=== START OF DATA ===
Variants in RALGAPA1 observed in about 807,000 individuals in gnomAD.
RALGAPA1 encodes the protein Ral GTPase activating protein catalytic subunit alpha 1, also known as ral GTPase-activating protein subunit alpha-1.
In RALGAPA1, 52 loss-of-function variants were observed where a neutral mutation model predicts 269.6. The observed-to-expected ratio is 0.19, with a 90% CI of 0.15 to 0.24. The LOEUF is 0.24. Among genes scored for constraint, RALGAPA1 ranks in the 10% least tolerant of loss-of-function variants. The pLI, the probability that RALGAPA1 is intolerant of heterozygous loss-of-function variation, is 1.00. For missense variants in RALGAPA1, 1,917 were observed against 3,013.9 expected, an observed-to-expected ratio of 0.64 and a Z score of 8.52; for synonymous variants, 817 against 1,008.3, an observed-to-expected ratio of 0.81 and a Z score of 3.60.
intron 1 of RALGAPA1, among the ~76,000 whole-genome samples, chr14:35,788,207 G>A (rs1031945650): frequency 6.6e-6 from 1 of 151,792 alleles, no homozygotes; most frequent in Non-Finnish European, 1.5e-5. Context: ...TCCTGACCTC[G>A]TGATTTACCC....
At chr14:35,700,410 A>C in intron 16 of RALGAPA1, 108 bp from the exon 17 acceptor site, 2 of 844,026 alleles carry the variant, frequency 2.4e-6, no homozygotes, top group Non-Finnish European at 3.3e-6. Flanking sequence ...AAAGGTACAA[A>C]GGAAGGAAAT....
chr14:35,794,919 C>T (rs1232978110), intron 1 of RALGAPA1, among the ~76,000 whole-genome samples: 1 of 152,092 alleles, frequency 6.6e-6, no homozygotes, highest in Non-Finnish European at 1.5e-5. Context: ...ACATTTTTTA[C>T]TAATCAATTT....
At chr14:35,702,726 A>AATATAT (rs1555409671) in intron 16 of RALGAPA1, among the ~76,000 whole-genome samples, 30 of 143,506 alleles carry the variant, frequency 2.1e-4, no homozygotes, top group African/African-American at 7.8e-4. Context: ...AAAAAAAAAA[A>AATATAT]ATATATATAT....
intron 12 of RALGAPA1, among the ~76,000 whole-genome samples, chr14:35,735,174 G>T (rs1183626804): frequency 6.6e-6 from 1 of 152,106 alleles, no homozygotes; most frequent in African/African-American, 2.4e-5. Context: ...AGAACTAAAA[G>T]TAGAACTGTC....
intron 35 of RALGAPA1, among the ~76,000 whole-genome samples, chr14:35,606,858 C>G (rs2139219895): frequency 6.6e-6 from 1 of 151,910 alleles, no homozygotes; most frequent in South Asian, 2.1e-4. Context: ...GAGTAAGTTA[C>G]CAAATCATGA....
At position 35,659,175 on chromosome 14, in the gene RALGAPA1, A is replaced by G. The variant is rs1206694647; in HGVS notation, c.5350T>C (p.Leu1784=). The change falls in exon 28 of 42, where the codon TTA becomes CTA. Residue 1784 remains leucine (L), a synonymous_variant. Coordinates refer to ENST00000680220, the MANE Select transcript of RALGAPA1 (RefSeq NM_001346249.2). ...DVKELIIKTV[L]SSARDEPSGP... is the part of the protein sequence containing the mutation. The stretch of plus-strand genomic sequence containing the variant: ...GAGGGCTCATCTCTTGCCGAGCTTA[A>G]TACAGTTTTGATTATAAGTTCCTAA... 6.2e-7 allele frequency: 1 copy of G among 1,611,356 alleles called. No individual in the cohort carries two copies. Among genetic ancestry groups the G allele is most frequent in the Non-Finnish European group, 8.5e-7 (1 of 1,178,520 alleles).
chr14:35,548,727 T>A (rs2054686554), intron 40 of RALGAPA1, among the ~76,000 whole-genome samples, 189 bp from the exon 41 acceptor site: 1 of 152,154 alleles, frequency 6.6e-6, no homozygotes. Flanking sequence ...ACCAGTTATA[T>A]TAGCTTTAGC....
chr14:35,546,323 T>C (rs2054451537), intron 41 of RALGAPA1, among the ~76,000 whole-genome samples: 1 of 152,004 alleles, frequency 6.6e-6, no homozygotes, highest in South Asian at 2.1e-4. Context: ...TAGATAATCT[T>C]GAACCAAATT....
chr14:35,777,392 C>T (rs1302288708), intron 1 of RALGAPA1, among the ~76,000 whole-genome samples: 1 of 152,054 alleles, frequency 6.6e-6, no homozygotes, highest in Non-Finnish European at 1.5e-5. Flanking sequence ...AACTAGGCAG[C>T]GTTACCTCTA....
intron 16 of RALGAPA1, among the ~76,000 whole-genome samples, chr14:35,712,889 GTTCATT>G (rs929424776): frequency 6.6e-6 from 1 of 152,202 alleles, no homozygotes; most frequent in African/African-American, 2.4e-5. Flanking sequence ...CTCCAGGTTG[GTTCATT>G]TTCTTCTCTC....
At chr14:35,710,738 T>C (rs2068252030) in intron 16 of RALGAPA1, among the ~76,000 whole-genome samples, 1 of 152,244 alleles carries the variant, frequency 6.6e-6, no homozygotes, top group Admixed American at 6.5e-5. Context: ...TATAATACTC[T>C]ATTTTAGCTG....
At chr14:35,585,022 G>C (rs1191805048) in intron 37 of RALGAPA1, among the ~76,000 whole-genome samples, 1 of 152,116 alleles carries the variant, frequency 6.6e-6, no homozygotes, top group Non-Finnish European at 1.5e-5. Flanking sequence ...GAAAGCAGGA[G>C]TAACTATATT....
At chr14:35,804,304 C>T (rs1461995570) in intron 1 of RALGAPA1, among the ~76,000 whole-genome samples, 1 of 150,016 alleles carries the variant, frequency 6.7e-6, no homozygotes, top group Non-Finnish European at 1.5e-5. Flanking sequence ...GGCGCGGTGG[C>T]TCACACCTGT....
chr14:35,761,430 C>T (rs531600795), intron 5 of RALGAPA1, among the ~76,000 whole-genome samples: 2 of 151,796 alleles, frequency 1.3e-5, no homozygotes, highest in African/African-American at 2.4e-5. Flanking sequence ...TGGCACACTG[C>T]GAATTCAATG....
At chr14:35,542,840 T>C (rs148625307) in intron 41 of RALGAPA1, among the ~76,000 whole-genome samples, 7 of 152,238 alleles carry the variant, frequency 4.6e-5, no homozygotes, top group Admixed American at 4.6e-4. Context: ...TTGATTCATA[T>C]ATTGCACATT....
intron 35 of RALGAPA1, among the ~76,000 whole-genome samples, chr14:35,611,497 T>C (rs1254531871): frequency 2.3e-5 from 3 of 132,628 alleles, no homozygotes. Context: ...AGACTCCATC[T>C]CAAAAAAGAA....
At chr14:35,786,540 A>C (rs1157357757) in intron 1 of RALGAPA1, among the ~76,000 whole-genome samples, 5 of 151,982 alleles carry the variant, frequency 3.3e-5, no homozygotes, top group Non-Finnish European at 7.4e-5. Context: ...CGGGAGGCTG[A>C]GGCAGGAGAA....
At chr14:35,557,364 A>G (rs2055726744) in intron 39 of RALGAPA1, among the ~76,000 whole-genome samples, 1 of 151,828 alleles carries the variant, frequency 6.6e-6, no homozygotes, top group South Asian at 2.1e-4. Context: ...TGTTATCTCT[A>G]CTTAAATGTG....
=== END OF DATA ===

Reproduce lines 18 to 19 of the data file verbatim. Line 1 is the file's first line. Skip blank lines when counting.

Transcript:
chr14:35,761,430 C>T (rs531600795), intron 5 of RALGAPA1, among the ~76,000 whole-genome samples: 2 of 151,796 alleles, frequency 1.3e-5, no homozygotes, highest in African/African-American at 2.4e-5. Flanking sequence ...TGGCACACTG[C>T]GAATTCAATG....
At chr14:35,542,840 T>C (rs148625307) in intron 41 of RALGAPA1, among the ~76,000 whole-genome samples, 7 of 152,238 alleles carry the variant, frequency 4.6e-5, no homozygotes, top group Admixed American at 4.6e-4. Context: ...TTGATTCATA[T>C]ATTGCACATT....